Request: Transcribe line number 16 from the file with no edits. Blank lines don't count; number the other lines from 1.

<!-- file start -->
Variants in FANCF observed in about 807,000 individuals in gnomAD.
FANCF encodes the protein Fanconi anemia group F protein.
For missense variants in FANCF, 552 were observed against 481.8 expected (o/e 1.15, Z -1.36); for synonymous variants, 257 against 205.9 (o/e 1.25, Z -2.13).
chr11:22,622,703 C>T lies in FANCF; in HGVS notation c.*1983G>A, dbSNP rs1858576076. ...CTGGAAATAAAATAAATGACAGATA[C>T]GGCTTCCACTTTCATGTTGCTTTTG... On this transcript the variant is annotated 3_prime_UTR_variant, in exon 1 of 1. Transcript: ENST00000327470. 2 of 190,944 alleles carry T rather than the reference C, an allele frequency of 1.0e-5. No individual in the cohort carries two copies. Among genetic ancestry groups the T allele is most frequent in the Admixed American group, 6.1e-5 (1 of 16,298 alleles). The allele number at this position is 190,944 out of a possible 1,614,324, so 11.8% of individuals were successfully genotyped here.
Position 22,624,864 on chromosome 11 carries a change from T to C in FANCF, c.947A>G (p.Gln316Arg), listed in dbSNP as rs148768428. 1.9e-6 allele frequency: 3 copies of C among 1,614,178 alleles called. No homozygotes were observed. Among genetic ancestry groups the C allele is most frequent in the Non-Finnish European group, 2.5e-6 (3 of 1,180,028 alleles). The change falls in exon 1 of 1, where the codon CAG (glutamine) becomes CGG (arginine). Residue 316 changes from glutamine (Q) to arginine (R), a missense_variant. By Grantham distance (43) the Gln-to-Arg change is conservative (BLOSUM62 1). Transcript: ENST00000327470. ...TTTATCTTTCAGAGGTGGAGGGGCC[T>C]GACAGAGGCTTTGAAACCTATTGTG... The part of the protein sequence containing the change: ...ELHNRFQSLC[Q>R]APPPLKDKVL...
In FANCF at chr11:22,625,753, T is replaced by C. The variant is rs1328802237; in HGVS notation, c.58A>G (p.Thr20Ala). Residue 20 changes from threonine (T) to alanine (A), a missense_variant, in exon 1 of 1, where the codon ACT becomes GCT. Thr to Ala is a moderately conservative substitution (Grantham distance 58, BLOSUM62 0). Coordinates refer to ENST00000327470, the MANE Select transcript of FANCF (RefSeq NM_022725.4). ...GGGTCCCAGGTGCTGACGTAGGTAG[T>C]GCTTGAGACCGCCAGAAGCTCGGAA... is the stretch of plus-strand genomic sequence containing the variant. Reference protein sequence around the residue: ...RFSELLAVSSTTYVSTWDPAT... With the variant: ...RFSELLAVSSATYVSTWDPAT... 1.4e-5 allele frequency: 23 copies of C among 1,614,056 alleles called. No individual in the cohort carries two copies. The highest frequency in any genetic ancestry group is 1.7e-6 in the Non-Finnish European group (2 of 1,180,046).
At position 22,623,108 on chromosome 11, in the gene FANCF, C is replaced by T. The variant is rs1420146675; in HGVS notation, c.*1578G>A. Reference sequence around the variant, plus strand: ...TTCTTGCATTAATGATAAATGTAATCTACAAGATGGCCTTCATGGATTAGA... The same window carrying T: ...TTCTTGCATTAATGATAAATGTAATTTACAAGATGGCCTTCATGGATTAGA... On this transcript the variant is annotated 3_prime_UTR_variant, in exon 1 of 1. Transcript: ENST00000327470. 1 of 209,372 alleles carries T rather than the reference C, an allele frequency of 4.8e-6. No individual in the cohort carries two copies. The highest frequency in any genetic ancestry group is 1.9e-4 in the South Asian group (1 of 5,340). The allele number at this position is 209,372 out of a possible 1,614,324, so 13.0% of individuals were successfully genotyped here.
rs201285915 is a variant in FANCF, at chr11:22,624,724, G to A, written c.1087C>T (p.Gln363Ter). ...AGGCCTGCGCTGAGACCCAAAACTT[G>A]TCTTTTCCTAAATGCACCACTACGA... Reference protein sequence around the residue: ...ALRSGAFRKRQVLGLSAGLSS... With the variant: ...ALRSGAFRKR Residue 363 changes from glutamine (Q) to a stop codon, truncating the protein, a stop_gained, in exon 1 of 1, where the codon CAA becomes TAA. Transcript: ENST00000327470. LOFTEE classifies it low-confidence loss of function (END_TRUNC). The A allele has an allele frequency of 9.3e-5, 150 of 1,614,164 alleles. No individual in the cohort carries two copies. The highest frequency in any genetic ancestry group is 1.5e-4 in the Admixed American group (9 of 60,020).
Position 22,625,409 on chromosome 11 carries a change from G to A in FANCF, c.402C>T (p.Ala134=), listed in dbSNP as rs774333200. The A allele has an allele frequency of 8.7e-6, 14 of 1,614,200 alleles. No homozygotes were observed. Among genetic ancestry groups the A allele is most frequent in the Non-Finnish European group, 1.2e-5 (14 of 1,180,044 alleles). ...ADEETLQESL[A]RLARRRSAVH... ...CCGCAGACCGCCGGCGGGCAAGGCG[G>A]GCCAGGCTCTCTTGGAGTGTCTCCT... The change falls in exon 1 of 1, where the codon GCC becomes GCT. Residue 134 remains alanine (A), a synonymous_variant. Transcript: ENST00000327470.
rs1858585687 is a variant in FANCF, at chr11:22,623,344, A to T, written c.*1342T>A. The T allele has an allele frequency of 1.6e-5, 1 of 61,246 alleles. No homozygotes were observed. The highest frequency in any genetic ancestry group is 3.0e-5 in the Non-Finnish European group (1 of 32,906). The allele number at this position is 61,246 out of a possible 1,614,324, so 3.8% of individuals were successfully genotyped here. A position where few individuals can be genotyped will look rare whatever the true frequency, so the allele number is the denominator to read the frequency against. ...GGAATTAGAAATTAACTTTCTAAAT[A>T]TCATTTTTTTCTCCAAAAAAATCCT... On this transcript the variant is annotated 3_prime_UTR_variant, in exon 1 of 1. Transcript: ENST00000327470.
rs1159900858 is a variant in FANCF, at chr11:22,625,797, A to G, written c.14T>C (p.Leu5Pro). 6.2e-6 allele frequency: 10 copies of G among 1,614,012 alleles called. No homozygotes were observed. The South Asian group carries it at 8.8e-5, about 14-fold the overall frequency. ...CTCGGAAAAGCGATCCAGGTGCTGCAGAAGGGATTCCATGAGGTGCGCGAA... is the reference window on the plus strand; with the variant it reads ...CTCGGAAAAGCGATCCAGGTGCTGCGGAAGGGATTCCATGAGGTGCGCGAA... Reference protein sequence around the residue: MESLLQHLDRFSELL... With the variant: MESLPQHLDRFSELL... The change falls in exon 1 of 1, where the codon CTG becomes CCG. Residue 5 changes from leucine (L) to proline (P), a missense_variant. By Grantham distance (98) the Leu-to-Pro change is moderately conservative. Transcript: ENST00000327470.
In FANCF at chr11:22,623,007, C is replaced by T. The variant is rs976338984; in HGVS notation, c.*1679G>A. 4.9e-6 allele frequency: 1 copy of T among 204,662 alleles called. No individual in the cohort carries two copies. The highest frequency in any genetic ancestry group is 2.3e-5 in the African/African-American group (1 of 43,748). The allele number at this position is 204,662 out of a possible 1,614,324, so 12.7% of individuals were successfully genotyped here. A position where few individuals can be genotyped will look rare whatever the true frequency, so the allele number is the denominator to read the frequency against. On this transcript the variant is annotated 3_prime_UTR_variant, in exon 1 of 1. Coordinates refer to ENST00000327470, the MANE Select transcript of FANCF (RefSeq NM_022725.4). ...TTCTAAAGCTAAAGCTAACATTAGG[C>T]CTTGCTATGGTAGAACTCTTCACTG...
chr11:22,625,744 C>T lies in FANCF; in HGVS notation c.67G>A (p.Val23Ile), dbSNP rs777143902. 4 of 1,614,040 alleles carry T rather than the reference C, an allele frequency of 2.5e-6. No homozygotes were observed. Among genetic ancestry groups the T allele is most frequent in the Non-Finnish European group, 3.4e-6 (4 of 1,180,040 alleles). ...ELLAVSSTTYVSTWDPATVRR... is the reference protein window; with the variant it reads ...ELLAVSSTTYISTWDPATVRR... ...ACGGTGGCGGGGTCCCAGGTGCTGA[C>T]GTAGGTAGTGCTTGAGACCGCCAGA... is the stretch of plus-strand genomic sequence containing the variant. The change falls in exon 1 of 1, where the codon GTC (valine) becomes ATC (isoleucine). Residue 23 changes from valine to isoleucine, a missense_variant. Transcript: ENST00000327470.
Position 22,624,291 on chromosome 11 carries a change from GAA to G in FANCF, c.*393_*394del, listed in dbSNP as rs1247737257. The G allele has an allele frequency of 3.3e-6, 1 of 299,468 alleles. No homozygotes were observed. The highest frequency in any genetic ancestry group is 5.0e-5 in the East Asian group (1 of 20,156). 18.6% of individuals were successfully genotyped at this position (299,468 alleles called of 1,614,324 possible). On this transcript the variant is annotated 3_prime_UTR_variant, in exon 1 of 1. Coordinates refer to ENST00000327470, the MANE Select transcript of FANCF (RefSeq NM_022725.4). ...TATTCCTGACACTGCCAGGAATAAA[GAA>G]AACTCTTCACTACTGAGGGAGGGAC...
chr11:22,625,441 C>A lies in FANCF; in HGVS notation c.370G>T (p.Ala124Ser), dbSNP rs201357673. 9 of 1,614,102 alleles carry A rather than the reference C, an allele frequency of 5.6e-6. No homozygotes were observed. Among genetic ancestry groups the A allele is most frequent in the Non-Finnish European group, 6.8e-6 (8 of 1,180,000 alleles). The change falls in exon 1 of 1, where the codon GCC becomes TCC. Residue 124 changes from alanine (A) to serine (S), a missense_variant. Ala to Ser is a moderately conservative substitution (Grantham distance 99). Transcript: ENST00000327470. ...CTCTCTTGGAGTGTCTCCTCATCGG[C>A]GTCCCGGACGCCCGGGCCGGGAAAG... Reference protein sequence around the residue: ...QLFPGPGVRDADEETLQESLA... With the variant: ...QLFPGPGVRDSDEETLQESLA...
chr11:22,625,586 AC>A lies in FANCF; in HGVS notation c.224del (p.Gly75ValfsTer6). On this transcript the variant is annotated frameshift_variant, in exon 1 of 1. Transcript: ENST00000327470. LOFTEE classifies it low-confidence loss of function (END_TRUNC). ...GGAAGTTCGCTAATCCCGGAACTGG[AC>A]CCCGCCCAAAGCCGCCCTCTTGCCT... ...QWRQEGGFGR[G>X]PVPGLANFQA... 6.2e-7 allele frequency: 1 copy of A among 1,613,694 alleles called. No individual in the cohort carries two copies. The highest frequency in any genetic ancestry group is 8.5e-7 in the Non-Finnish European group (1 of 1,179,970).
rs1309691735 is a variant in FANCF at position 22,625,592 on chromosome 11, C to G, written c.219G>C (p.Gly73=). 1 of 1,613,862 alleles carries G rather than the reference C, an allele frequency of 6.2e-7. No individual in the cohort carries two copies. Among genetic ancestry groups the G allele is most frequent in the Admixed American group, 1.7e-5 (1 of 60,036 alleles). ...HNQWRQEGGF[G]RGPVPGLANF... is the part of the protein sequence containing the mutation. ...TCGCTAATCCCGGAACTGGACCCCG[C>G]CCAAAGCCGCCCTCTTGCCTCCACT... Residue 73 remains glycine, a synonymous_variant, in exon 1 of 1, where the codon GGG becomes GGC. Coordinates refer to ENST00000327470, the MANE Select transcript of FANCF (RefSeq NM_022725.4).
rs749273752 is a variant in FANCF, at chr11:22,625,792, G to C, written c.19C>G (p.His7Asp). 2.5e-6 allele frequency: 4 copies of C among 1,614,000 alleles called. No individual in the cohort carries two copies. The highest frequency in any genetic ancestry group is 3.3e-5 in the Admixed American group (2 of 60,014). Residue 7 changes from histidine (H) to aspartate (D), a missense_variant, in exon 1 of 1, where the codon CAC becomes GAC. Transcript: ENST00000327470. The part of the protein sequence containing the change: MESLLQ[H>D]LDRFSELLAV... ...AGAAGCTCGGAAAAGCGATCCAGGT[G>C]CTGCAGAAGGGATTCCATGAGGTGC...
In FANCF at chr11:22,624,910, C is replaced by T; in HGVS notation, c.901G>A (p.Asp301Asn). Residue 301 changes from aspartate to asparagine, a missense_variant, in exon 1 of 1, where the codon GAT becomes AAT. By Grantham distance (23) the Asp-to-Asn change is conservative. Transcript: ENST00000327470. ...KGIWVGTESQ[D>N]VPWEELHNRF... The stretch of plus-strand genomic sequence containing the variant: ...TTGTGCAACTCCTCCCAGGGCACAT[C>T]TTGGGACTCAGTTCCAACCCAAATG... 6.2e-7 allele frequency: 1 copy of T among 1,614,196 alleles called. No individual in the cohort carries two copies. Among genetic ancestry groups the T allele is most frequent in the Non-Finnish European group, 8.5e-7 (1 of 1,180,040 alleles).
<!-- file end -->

chr11:22,625,586 AC>A lies in FANCF; in HGVS notation c.224del (p.Gly75ValfsTer6). On this transcript the variant is annotated frameshift_variant, in exon 1 of 1. Transcript: ENST00000327470. LOFTEE classifies it low-confidence loss of function (END_TRUNC). ...GGAAGTTCGCTAATCCCGGAACTGG[AC>A]CCCGCCCAAAGCCGCCCTCTTGCCT... ...QWRQEGGFGR[G>X]PVPGLANFQA... 6.2e-7 allele frequency: 1 copy of A among 1,613,694 alleles called. No individual in the cohort carries two copies. The highest frequency in any genetic ancestry group is 8.5e-7 in the Non-Finnish European group (1 of 1,179,970).